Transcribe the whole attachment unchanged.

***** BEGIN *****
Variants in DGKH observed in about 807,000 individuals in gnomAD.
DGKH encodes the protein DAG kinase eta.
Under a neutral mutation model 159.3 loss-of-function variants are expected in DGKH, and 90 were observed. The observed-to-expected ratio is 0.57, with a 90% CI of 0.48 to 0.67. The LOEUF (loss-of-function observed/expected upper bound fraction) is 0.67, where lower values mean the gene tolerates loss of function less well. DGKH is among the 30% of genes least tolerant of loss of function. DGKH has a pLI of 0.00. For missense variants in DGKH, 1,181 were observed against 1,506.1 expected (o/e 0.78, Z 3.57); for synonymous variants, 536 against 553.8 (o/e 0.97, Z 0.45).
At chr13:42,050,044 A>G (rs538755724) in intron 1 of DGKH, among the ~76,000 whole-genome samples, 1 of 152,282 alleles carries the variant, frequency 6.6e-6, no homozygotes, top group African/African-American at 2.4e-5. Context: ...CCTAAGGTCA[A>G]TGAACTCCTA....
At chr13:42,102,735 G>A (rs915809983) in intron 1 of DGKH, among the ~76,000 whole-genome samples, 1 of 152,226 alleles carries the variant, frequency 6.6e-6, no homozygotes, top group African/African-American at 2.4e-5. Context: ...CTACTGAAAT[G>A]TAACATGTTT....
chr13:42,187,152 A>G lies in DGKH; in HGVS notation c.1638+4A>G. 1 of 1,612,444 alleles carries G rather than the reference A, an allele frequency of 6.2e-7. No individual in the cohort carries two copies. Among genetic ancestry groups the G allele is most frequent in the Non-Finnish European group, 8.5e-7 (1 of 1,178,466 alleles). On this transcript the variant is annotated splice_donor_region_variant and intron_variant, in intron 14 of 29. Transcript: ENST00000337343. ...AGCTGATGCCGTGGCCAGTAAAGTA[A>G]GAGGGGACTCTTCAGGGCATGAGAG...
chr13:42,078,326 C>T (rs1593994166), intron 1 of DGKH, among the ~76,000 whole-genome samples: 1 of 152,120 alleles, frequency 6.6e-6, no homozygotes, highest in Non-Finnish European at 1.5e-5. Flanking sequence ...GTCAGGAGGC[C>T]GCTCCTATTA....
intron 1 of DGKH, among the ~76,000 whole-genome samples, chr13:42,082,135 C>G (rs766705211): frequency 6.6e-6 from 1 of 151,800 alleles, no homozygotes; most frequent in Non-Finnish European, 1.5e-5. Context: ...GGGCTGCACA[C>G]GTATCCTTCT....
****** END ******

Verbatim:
Variants in DGKH observed in about 807,000 individuals in gnomAD.
DGKH encodes the protein DAG kinase eta.
Under a neutral mutation model 159.3 loss-of-function variants are expected in DGKH, and 90 were observed. The observed-to-expected ratio is 0.57, with a 90% CI of 0.48 to 0.67. The LOEUF (loss-of-function observed/expected upper bound fraction) is 0.67, where lower values mean the gene tolerates loss of function less well. DGKH is among the 30% of genes least tolerant of loss of function. DGKH has a pLI of 0.00. For missense variants in DGKH, 1,181 were observed against 1,506.1 expected (o/e 0.78, Z 3.57); for synonymous variants, 536 against 553.8 (o/e 0.97, Z 0.45).
At chr13:42,050,044 A>G (rs538755724) in intron 1 of DGKH, among the ~76,000 whole-genome samples, 1 of 152,282 alleles carries the variant, frequency 6.6e-6, no homozygotes, top group African/African-American at 2.4e-5. Context: ...CCTAAGGTCA[A>G]TGAACTCCTA....
At chr13:42,102,735 G>A (rs915809983) in intron 1 of DGKH, among the ~76,000 whole-genome samples, 1 of 152,226 alleles carries the variant, frequency 6.6e-6, no homozygotes, top group African/African-American at 2.4e-5. Context: ...CTACTGAAAT[G>A]TAACATGTTT....
chr13:42,187,152 A>G lies in DGKH; in HGVS notation c.1638+4A>G. 1 of 1,612,444 alleles carries G rather than the reference A, an allele frequency of 6.2e-7. No individual in the cohort carries two copies. Among genetic ancestry groups the G allele is most frequent in the Non-Finnish European group, 8.5e-7 (1 of 1,178,466 alleles). On this transcript the variant is annotated splice_donor_region_variant and intron_variant, in intron 14 of 29. Transcript: ENST00000337343. ...AGCTGATGCCGTGGCCAGTAAAGTA[A>G]GAGGGGACTCTTCAGGGCATGAGAG...
chr13:42,078,326 C>T (rs1593994166), intron 1 of DGKH, among the ~76,000 whole-genome samples: 1 of 152,120 alleles, frequency 6.6e-6, no homozygotes, highest in Non-Finnish European at 1.5e-5. Flanking sequence ...GTCAGGAGGC[C>T]GCTCCTATTA....
intron 1 of DGKH, among the ~76,000 whole-genome samples, chr13:42,082,135 C>G (rs766705211): frequency 6.6e-6 from 1 of 151,800 alleles, no homozygotes; most frequent in Non-Finnish European, 1.5e-5. Context: ...GGGCTGCACA[C>G]GTATCCTTCT....